Since the dawn of online profiles and social media, you’ve probably heard at least a time or two that those photos of you passed out drunk or partying on the beach are not doing anything to boost your online image. But whether you’re seeking a job, do a lot of work online, or you gain clients through cyberspace, there’s a lot more to the equation than just avoiding the party pictures.
When your reputation is staked on the image you present to the world via the world wide web, here are some other mistakes to avoid.
1. Grainy, Unflattering, Unprofessional Profile Photo
I recently visited the website of a prominent magazine for entrepreneurs and was appalled at the image the writer used alongside her article. She had her tongue sticking out! This, from a magazine with a huge following and a giant online presence. How difficult is it to have a photographer friend take a few head-and-shoulders shots of you dressed decently with a neutral background and flattering light? Unless you live under a rock, chances are you have at least one starving artist-photographer friend just dying for work. If you don’t, put out an ad on your local Craigslist and you’ll find dozens of photographers willing to take your profile pictures for a relatively low cost. That hour you spent coiffing your hair and posing for professional pictures will pay big dividends when your online clients start taking you a lot more seriously.
2. You Don’t have a Platform to Present Yourself Professionally
If your personal Facebook page is the only way your prospective clients can get more information about you, you’re doing them a disservice. In today’s uber-connected society, clients, prospective employers, and heck, even romantic prospects want to be able to vet you before they contact you for that job -- or that second date. Do yourself a favor and create a Twitter feed, a professional blog-slash-portfolio or a LinkedIn profile -- that you actually update -- so people can check you out. And leave the photo of you sticking out your tongue off of all of them.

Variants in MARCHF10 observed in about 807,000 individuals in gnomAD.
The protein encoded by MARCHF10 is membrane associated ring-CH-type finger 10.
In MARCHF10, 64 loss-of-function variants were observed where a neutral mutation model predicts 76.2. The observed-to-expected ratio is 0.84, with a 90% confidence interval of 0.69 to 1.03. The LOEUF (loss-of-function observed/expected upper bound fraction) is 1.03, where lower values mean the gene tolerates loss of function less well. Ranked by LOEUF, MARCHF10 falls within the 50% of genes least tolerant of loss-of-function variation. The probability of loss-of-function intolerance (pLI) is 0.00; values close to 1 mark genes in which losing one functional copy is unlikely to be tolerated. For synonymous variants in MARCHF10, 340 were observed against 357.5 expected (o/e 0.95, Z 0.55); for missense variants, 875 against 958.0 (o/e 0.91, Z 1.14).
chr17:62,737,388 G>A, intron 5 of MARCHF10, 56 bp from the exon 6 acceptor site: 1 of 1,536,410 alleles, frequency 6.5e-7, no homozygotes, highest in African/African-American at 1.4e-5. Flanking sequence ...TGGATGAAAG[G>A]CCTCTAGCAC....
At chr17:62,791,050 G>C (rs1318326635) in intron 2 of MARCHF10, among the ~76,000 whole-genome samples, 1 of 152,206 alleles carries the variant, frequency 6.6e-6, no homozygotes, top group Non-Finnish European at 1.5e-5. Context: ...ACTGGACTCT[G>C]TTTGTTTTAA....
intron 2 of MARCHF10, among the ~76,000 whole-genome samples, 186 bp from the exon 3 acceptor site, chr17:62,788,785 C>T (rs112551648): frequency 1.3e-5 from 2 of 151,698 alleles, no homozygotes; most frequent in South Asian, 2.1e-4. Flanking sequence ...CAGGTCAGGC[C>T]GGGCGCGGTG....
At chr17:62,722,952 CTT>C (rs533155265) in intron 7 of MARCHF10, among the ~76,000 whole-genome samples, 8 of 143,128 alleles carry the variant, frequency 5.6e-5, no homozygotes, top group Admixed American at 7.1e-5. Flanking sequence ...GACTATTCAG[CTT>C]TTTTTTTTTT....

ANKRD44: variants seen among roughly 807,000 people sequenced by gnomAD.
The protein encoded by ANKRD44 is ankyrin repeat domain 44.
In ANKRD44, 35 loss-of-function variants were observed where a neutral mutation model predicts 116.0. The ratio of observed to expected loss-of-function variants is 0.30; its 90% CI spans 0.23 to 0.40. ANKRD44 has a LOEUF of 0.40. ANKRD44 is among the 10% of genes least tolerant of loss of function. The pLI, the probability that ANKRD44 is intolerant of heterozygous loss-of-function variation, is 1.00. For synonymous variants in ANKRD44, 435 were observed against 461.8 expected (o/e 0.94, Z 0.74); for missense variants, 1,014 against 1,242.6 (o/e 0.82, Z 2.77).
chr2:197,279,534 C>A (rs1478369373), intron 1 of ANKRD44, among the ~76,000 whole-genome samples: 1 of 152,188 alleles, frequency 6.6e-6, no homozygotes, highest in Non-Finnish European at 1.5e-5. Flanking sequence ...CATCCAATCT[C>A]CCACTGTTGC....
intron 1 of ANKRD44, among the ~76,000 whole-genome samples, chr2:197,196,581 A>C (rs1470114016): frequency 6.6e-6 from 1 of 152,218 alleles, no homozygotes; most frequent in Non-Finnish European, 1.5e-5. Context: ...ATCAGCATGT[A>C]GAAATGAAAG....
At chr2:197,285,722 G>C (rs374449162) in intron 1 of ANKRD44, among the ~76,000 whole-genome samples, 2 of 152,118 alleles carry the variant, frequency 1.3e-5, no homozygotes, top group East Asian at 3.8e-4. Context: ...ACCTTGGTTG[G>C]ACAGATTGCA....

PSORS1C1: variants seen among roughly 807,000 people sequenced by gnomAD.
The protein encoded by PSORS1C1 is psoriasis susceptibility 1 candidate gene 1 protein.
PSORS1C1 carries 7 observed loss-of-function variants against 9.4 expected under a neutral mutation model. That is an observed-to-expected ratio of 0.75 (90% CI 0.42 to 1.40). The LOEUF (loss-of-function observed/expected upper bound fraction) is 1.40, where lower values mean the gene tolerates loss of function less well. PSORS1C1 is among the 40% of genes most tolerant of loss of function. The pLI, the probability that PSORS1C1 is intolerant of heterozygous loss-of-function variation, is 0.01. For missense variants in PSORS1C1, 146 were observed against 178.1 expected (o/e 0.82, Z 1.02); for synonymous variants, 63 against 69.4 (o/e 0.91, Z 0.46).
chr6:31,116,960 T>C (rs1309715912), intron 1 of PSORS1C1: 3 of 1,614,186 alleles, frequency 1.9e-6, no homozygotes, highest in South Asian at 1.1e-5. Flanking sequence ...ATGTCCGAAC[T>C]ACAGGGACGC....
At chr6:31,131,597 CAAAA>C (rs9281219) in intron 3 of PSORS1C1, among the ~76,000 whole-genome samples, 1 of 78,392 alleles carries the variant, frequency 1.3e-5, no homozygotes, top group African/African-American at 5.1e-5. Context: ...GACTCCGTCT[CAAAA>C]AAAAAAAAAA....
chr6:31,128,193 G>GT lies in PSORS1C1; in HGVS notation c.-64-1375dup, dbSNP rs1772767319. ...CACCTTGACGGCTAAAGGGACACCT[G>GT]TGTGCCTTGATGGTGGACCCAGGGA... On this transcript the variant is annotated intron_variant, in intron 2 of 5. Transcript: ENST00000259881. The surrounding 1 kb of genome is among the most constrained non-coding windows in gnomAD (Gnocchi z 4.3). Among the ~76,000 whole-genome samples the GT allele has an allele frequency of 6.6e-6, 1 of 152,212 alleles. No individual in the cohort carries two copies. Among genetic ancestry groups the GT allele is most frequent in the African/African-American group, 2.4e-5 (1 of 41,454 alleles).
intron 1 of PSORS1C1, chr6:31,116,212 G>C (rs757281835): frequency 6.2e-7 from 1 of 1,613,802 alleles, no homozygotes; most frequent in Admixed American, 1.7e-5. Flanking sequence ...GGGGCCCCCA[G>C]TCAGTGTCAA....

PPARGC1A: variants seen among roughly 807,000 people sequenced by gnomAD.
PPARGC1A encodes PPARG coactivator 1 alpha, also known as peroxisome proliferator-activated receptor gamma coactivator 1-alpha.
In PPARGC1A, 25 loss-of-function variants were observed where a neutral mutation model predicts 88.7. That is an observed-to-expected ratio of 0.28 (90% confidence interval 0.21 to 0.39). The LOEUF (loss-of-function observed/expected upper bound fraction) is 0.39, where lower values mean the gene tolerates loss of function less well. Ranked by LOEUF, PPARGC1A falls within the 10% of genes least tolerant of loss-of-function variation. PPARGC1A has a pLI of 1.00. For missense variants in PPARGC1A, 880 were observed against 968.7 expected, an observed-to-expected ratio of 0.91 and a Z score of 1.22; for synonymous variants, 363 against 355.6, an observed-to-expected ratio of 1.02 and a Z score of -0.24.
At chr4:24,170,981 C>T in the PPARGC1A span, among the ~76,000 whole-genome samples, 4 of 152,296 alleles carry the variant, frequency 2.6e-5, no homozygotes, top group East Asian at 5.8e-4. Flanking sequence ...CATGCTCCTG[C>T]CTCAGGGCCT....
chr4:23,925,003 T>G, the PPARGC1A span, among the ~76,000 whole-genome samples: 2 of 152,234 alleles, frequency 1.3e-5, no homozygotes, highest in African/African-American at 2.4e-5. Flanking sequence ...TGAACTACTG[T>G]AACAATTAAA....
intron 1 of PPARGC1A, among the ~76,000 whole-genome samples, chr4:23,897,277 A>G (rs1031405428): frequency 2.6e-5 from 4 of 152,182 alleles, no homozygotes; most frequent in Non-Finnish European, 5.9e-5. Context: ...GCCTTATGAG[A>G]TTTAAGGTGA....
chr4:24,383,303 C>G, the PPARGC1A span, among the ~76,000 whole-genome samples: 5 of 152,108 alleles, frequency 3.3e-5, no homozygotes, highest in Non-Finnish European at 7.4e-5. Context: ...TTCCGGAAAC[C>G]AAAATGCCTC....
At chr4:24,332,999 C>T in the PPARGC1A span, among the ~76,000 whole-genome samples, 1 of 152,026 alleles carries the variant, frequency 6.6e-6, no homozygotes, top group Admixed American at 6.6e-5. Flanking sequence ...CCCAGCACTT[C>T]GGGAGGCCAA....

3. You’re not Tooting Your Own Horn
Once you’ve established yourself professionally somewhere in cyberspace, don’t be afraid to tell people about the good things you’ve done recently. Post a photo of an award you won, or a link to the cool article in which you were just mentioned. In the world of selfies and constant navel-gazing, you shouldn’t feel bad about telling people about your successes from time to time. There is such a thing as over-sharing, but a weekly or bi-weekly update about your professional life does not delve into the over-sharing realm.
A solid professional reputation is built on all the little things adding up to one big picture, so don’t make the mistake of presenting the wrong picture -- both literally and figuratively -- with your online presence. With just some minimal effort, you can present a far more professional image to the world.
Have you suffered from having an unprofessional online presence? Your thoughts and comments below please...